Credit: Unsplash.

COP26 a year down the line…

By Max Mitchell

A year on from the COP26 climate conference here in Glasgow, what have we learned?

Glancing at the news the other day, I was surprised to discover that COP27 was taking place in Egypt this month. I presume I’m not alone in having almost forgotten the seemingly momentous climate summit that took place in Glasgow last year. As almost 40,000 delegates descended on the city, it was clear that some truly felt a sense of change in the air; a fresh, committed effort to tackle what many view as humanity’s most pressing issue was being concocted within spitting distance. Admittedly the more cynical contingent, myself included, doubted the power and indeed the intentions of the bureaucratic incompetence on show. Nearly a year on, how do we assess the achievements of COP26 at home and further afield?

Let’s start with what happened at the summit. The agreements reached were not enough to keep warming below 2°C. What does this mean in real terms? Seth Borenstein puts it like this: “This 2 degree warmer world … represents what scientists characterise as a profoundly disrupted climate with fiercer storms, higher seas, animal and plant extinctions, disappearing coral, melting ice and more people dying from heat, smog and infectious disease.” Of course, keeping warming below 2°C is no mean feat and COP26’s failure to solve that problem was not entirely its own fault. Snubbed by Russia and China, two of the largest emitters, it was arguably always a losing battle.

There was, however, a historic agreement limiting coal usage globally; the first such agreement since the 1997 Kyoto protocol. But even this was led with compromise as Alok Sharma wept at the anticlimactic, diluted pact to ‘phase down’ coal, rather than the desired absolutism of ‘phase out’. Even still, China’s CO2 emissions fell by 1.4% in the first three months of 2022, marking the third quarter in a row of tangible progress.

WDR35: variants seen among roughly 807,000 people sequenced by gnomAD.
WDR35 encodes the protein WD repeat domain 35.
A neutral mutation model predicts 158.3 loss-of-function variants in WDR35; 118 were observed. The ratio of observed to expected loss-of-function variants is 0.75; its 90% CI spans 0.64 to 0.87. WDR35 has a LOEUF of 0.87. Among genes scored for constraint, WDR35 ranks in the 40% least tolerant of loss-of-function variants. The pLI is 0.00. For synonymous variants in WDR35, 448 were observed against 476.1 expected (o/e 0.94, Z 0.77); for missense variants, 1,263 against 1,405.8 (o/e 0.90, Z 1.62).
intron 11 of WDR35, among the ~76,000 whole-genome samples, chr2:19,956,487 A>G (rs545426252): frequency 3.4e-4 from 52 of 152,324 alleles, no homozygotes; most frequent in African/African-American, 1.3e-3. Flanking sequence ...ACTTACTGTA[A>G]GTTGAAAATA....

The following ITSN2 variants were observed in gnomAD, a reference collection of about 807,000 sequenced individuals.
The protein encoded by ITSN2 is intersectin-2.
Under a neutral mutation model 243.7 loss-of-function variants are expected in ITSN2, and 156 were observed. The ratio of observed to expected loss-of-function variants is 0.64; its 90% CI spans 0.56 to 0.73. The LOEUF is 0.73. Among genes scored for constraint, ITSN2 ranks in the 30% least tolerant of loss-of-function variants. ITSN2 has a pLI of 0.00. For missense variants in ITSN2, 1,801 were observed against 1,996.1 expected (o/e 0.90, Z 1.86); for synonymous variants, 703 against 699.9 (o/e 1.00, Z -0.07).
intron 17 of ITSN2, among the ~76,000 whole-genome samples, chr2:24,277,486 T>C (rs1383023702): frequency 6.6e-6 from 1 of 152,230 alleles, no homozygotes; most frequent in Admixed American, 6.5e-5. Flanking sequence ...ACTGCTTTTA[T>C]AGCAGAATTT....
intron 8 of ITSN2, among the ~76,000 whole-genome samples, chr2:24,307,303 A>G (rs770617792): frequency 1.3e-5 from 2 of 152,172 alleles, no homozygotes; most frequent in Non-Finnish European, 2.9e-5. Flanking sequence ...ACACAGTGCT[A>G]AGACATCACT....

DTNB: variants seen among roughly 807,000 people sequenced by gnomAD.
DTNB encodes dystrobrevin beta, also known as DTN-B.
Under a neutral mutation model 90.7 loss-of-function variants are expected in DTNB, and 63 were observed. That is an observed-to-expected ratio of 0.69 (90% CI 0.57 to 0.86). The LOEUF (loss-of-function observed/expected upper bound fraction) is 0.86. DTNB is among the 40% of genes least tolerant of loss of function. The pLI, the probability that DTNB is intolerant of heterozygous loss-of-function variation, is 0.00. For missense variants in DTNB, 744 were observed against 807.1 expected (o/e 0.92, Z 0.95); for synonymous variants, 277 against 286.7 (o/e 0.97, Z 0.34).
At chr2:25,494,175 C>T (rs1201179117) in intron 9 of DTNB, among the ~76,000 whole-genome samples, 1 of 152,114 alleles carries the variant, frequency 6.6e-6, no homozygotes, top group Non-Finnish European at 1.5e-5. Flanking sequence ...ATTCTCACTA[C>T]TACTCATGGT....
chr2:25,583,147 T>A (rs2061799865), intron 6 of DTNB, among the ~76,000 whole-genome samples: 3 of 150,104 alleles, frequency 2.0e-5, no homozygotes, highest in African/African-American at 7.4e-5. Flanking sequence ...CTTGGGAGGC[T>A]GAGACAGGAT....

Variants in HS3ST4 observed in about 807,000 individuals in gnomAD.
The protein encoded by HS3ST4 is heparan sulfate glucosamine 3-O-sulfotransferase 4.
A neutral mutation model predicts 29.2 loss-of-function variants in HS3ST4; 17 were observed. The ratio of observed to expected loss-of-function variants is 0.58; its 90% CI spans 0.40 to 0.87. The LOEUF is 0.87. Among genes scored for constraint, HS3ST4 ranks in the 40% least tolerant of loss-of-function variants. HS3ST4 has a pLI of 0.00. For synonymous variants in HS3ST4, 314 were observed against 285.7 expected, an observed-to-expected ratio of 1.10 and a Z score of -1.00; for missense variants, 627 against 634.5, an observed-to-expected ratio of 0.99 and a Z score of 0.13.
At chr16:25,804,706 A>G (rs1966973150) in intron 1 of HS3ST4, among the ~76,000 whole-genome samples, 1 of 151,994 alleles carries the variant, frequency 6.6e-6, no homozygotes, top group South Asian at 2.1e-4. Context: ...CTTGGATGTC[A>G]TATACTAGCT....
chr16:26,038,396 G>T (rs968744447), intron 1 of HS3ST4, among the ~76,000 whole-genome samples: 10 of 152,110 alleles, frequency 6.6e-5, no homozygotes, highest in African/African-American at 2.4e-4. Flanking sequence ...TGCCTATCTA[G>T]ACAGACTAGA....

As questionable as COP26’s global successes have been, what might we say about its local impact? Glasgow was touted as a modern city at the vanguard of an environmentally conscious reorganisation of how we ought to live under the shadow of impending disaster. Prior to COP26, Glasgow reduced its carbon emissions by 41% since 2006 and in 2021 committed to achieving net-zero by the end of the decade – but at what cost to the average Glaswegian?

A stroll through the city centre will tell you.

After alighting from the exorbitantly priced and unreliable Scotrail service at Glasgow Central, the Sodom and Gomorrah of Gordon Street greets you with a nauseating wink. Turn and head South on Union Street, where ‘Greek’ Thomson’s glorious Egyptian Halls have been allowed to fall to wrack and ruin under scaffolding. Now you find yourself at the Four Corners, a fast-food outlet on each corner creates an homage to obesity. Turn right under the “Hielanman’s Umbrella” and Glasgow’s homelessness problems stare you straight in the face calling to mind Mayhew’s London. Turn right again and complete the circuit, bumping into the odd groups of dejected souls that haunt the ironically-titled Hope Street and make clear our frightening drug problem.

Walking this short route throws Glasgow’s real issues into sharp relief. From the environmentally unfriendly public transport system to the disgracefully immoral levels of drug-related deaths, it is right to be suspicious of COP26’s legacy. This is not to say we shouldn’t care about environmental aims and strategies for mitigating the climate emergency, but that the green veil does disguise the quotidian yet crucial aspects of city living that we have to get right.

If a dysfunctional and filthy city is the price we pay for excessive environmental priorities, Glasgow is indeed “The Dear Green Place.”


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